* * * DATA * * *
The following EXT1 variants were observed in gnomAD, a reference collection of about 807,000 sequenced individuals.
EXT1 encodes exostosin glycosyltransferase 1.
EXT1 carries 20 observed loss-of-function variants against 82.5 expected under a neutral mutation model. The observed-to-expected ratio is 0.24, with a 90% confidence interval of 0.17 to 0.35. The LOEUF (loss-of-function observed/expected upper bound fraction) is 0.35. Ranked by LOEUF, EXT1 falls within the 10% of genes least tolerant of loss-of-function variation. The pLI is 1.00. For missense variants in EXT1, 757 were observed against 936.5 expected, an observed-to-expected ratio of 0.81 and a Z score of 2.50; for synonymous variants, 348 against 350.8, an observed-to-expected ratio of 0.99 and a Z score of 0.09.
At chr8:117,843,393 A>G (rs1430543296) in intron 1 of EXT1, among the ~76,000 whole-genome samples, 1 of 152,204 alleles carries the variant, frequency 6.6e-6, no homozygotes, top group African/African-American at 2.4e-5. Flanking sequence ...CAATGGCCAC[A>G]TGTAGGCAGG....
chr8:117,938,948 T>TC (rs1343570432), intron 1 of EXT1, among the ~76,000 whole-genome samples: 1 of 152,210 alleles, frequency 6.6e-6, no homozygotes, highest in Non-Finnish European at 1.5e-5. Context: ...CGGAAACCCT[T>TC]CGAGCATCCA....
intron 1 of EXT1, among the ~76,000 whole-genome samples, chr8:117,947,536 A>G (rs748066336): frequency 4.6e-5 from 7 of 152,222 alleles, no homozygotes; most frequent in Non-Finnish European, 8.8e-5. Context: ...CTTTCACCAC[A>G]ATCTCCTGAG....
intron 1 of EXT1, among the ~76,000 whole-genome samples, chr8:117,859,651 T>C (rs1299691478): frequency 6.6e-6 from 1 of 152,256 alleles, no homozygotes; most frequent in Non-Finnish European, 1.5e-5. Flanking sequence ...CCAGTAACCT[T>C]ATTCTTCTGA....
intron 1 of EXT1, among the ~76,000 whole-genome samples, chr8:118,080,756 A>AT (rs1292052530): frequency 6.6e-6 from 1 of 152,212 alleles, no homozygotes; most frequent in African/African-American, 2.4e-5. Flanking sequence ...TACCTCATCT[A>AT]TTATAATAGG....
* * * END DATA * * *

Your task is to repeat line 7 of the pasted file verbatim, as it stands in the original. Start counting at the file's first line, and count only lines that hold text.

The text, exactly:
intron 1 of EXT1, among the ~76,000 whole-genome samples, chr8:117,859,651 T>C (rs1299691478): frequency 6.6e-6 from 1 of 152,256 alleles, no homozygotes; most frequent in Non-Finnish European, 1.5e-5. Flanking sequence ...CCAGTAACCT[T>C]ATTCTTCTGA....